Matters of Life and Death: the Record of Humanitarian Intervention
In Cambodia, a Buddhist prophecy tells of a white elephant in blue armour that will rescue the country from a terrible conflagration.3
After the killing fields of the Khmer Rouge and the instability that followed, UN forces arrived in Cambodia during 1993 to help the country prepare for democratic elections. Their white Toyota landcruisers and blue UN livery convinced some Cambodians that the prophecy was about to be realised, but this elephant had a very short memory, pulling out as soon as the elections were over. After two decades of war, genocide, invasion and isolation, Cambodia deserved better than this. Four years later, the inevitable coup happened (led by Hun Sen and his party of former communists), followed in 1998 by another round of rigged elections only lightly supervised by foreign observers. Here as elsewhere, the ‘international community’ has been a fickle friend to those who need its help. Heroic deeds, battles against the odds and the occasional quiet success do form part of the story of humanitarian intervention in recent times, but overall the international response to conflict and famine has been tardy, piece-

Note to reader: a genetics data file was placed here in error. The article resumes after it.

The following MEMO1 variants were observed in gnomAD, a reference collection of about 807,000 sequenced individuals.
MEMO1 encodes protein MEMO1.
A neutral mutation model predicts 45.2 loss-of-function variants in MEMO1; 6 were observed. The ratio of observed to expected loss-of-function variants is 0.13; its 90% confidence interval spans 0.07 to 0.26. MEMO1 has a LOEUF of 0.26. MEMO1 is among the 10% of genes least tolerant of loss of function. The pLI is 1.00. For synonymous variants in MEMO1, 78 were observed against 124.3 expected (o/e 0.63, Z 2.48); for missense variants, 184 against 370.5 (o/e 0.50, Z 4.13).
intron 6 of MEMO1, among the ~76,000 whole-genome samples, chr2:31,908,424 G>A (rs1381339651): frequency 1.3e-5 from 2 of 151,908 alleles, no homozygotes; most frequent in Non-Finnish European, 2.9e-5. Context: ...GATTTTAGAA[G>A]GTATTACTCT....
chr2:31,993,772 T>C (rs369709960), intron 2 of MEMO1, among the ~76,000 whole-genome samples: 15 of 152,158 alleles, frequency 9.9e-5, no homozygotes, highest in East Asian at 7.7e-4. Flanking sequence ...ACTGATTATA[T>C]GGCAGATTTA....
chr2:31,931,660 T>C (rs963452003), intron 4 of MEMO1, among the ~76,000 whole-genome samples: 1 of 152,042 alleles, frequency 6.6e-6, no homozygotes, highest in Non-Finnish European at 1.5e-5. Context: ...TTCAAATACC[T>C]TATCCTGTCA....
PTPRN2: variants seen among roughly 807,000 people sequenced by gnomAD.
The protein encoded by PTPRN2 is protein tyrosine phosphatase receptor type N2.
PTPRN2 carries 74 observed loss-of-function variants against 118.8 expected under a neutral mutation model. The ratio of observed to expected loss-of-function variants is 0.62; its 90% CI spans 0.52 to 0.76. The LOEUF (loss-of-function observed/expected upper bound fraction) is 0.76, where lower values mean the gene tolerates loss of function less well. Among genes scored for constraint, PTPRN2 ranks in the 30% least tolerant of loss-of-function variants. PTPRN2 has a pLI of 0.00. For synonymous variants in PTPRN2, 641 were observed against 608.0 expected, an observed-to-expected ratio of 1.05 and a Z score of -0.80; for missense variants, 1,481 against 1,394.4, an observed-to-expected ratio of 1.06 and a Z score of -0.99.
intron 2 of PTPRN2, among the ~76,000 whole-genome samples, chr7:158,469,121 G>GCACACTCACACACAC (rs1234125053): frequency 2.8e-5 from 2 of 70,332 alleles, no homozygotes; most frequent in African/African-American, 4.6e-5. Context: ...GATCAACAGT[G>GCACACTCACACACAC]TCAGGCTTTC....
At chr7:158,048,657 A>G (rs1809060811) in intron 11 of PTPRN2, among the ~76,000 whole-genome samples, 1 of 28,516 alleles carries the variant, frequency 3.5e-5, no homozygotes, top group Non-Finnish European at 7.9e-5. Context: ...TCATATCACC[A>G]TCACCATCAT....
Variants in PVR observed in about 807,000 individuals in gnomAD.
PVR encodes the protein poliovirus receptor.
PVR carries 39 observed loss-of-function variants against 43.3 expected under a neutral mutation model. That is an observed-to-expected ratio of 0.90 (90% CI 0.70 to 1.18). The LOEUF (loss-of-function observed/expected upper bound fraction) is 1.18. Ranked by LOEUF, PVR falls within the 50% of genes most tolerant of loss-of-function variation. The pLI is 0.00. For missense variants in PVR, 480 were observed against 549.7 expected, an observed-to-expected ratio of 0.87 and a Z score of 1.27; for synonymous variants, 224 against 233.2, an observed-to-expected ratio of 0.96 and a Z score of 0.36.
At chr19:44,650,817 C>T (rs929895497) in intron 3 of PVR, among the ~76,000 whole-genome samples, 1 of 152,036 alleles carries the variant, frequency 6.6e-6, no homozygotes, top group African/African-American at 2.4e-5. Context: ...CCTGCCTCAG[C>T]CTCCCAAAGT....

meal and ineffective. Despite the commitments made in 1945 to nullify the ‘scourge of war’, ‘we the people’ stood and watched as genocide unfolded in Indonesia, Cambodia and Rwanda. We did little to prevent ‘ethnic cleansing’ in former Yugoslavia until it was too late, even though there were UN troops on the ground when 8000 civilians were slaughtered in Srebenica. And 100,000 people have been butchered in the most brutal fashion imaginable in Algeria since 1992, with scarcely a hint of foreign intervention. The life and death of distant strangers never did have much political purchase.